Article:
In response, our legislature created NRS 125.141 to specifically allow a different type of offer of judgment in a divorce case.  The law allows an offer of judgement in a divorce matter to be made as long as terms regarding child custody, child support, and alimony are not included in the offer.   This mechanism provides each parties the opportunity to settlement asset and debt issues.   The receiving party has ten days to accept the offer.  The NRS 125.141 offer of judgment carries the same potential penalty for rejecting an offer as is found in NRCP 68 and NRS 17.117.  NRS 125.141(4)(c).

Additionally, the family court judge is given discretion when determining an award based on the rejection of an offer of judgment.   The family court judge may consider, inter alia: 1) whether each party had an attorney; 2) whether the offer was made or rejected in good faith; and 3) whether the rejecting party increased the costs of litigation.  NRS 125.141(5).

Awarding Attorney Fees

The effective purpose of an OOJ is to deter unreasonable litigation.  In our American system of justice,  attorney fees are not awarded to the prevailing party unless required by contract or statute.   Moreover, judges have discretion when awarding fees to the prevailing party under contract or statute.

NRS 18.010 provides an award of attorney fees to a prevailing party, and NRS 7.085, provides for an award of attorney fees when a party takes an unreasonable legal position.  Family law motions even have a rule for awarding attorney fees if a motion was filed without first attempting to resolve the issue with the other party. EDCR 5.501. Each allows for judge discretion when answering the questions of “who prevailed?” or “was the position unreasonable?”  A NRS 125.141 OOJ is more binary and does not allow as much discretion.   With a NRS 125.141 OOJ, the question is simple–“Were you awarded more assets than the offer provided?”   If the answer is no, then you may owe attorney fees.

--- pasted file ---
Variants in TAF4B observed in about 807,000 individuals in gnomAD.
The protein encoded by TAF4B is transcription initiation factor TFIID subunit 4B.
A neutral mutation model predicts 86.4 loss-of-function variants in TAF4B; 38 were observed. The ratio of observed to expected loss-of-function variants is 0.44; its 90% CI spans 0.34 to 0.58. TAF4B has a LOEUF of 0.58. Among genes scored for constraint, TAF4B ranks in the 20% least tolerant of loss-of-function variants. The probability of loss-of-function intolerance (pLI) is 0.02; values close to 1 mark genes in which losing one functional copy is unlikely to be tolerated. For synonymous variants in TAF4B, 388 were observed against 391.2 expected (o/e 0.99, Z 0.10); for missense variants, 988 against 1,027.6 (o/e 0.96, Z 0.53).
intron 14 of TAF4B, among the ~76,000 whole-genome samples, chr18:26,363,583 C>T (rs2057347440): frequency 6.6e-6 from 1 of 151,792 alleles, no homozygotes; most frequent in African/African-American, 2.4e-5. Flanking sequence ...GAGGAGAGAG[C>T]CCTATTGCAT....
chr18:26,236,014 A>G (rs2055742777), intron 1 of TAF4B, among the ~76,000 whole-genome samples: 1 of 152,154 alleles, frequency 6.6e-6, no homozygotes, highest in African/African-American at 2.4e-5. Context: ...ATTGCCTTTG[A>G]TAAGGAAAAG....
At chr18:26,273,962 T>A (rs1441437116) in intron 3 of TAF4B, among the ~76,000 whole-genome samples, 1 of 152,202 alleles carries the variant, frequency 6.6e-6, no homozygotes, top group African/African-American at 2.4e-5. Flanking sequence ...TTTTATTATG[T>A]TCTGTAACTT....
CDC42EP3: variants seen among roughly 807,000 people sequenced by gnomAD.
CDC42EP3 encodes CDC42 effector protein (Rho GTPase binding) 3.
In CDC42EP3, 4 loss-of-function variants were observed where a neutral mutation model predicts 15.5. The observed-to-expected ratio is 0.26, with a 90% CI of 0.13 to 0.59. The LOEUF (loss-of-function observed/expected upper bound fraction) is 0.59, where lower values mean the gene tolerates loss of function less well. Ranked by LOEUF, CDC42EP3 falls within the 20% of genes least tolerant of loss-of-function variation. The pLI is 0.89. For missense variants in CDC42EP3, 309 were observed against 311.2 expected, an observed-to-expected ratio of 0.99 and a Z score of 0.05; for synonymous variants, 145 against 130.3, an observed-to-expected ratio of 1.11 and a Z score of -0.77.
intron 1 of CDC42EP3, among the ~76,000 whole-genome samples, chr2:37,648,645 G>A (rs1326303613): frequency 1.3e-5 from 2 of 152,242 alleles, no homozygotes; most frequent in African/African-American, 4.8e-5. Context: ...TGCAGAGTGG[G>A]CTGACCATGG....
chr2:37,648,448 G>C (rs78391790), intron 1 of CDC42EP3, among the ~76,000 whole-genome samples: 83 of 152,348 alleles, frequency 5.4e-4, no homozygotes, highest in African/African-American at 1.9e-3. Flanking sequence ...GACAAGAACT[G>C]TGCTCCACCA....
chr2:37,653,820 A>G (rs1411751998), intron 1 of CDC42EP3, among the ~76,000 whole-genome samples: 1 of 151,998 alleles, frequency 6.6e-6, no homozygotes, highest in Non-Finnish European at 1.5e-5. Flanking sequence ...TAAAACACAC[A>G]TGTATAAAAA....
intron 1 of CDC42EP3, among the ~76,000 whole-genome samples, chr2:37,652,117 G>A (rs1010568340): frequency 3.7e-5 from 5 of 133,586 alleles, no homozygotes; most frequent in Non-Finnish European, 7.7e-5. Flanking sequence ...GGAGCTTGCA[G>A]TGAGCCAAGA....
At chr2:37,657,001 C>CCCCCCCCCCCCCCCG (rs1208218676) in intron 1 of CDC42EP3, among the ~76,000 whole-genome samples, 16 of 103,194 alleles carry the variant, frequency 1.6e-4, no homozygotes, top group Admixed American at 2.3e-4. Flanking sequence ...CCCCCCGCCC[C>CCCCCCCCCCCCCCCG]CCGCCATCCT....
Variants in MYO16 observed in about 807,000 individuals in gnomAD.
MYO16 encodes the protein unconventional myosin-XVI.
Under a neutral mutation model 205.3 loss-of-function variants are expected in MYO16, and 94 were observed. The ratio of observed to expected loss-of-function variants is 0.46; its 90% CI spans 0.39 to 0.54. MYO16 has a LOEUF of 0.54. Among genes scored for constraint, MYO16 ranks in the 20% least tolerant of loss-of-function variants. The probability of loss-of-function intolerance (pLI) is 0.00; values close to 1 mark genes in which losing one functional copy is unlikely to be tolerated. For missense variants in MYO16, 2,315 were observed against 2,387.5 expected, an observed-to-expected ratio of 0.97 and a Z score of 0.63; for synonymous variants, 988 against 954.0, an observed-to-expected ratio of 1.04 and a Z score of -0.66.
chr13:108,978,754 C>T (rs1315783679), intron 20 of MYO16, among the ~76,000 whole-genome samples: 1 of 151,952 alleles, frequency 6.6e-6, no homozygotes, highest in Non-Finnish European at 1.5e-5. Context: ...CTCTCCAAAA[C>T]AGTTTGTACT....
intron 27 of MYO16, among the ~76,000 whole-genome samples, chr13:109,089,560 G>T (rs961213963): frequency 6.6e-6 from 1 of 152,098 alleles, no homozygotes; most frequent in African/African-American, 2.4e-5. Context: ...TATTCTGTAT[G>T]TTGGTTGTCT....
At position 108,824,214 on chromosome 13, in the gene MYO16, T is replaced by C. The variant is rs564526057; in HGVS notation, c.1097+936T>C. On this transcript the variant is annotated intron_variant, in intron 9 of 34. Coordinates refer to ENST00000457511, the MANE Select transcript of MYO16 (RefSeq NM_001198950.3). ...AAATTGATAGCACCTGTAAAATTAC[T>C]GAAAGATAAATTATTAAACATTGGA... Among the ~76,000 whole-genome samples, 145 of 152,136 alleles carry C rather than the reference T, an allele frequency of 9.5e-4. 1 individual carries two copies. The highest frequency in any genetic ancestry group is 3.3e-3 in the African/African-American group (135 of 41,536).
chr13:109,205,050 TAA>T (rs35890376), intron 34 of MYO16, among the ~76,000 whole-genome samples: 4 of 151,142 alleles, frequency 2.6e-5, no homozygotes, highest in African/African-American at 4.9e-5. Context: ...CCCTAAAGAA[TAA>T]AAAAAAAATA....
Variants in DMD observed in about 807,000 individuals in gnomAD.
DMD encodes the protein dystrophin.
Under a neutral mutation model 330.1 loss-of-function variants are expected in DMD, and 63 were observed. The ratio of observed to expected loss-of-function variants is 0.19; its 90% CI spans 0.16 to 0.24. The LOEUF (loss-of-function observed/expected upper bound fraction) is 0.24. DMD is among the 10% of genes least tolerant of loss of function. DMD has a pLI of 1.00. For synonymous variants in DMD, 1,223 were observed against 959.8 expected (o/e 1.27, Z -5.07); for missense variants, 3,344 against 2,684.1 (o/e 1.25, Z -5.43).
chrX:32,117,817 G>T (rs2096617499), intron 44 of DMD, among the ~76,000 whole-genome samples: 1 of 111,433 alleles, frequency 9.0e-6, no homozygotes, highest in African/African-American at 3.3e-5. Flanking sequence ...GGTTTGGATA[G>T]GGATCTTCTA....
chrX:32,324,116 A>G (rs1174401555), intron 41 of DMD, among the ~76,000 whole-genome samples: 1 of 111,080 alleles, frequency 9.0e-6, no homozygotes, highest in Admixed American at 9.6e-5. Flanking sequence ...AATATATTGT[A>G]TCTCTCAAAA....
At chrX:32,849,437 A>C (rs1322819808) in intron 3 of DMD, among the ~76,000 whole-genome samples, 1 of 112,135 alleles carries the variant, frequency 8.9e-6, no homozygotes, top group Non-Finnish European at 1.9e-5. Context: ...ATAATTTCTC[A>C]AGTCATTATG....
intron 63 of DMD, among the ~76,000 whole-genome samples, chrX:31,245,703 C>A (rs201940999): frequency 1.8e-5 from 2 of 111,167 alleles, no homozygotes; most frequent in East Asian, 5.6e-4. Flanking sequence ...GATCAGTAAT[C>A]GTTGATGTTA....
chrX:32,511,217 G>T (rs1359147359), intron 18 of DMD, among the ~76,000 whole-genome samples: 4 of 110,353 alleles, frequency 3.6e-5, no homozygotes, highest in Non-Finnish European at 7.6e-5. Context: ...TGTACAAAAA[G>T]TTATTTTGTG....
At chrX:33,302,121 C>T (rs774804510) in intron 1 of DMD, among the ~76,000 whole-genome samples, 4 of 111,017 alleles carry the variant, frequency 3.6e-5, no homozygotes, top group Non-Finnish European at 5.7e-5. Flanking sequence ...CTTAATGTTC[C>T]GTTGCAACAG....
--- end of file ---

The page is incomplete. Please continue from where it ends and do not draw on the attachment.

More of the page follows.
Under NRS 18.010 analysis, the court may decide both parties prevailed, and thus refuse to award attorney fees.   The Supreme Court has stated that a party faced with the offer of judgment penalty provisions cannot recover any attorney fees based upon some other statute. Albios v. Horizon Communities, Inc., 122 Nev. 409, 418, 132 P.3d 1022, 1028 (2006).

An offer of judgement is a valuable tool used by skilled divorce attorneys.  The next time you need leverage to settle the assets and debts portion of your case, think about sending an OOJ.  If you need further assistance, please contact Rock.

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Jay Young, Mediator and Arbitrator

Jay Young is a Las Vegas, Nevada attorney. His practice focuses on acting as an Arbitrator and Mediator. Mr. Young can be reached at 702.667.4828 or at The information provided on this site does not, and is not intended to constitute legal advice. You understand each legal matter should be considered to be unique and subject to varying results. You should not take or refrain from taking action based on any information contained on this website without first consulting legal counsel, as it is not intended to advise you on your particular matter. Further, you understand that no guarantee is given that the information contained herein is an accurate statement of the law at any given point in time, as the law is constantly changing. Guest bloggers are responsible for their own content, which is not to be construed as an article authored by Jay Young. Please see